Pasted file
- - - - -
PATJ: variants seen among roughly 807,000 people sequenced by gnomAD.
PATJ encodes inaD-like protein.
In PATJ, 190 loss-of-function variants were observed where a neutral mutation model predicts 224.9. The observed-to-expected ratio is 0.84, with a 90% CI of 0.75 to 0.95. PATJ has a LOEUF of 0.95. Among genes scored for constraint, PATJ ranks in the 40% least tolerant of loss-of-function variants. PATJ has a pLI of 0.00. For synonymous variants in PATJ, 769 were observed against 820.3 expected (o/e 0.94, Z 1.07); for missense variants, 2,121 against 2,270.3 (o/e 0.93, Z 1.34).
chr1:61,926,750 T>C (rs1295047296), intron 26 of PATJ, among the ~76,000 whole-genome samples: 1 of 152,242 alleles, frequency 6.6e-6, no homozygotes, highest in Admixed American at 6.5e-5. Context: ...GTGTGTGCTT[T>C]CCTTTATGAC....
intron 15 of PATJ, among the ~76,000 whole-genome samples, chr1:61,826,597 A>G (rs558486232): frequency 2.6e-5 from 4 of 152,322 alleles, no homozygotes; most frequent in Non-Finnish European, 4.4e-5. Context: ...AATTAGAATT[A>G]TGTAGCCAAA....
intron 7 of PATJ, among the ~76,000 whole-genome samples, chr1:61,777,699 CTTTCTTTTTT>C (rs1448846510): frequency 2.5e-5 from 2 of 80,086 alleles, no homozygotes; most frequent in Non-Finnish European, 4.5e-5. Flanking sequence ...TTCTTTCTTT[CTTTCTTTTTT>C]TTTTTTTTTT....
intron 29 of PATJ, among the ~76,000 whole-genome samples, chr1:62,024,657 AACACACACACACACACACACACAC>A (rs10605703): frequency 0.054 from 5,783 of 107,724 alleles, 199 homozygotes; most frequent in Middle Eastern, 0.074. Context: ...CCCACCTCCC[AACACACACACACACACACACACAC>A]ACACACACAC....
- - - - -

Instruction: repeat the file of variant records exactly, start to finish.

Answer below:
PATJ: variants seen among roughly 807,000 people sequenced by gnomAD.
PATJ encodes inaD-like protein.
In PATJ, 190 loss-of-function variants were observed where a neutral mutation model predicts 224.9. The observed-to-expected ratio is 0.84, with a 90% CI of 0.75 to 0.95. PATJ has a LOEUF of 0.95. Among genes scored for constraint, PATJ ranks in the 40% least tolerant of loss-of-function variants. PATJ has a pLI of 0.00. For synonymous variants in PATJ, 769 were observed against 820.3 expected (o/e 0.94, Z 1.07); for missense variants, 2,121 against 2,270.3 (o/e 0.93, Z 1.34).
chr1:61,926,750 T>C (rs1295047296), intron 26 of PATJ, among the ~76,000 whole-genome samples: 1 of 152,242 alleles, frequency 6.6e-6, no homozygotes, highest in Admixed American at 6.5e-5. Context: ...GTGTGTGCTT[T>C]CCTTTATGAC....
intron 15 of PATJ, among the ~76,000 whole-genome samples, chr1:61,826,597 A>G (rs558486232): frequency 2.6e-5 from 4 of 152,322 alleles, no homozygotes; most frequent in Non-Finnish European, 4.4e-5. Context: ...AATTAGAATT[A>G]TGTAGCCAAA....
intron 7 of PATJ, among the ~76,000 whole-genome samples, chr1:61,777,699 CTTTCTTTTTT>C (rs1448846510): frequency 2.5e-5 from 2 of 80,086 alleles, no homozygotes; most frequent in Non-Finnish European, 4.5e-5. Flanking sequence ...TTCTTTCTTT[CTTTCTTTTTT>C]TTTTTTTTTT....
intron 29 of PATJ, among the ~76,000 whole-genome samples, chr1:62,024,657 AACACACACACACACACACACACAC>A (rs10605703): frequency 0.054 from 5,783 of 107,724 alleles, 199 homozygotes; most frequent in Middle Eastern, 0.074. Context: ...CCCACCTCCC[AACACACACACACACACACACACAC>A]ACACACACAC....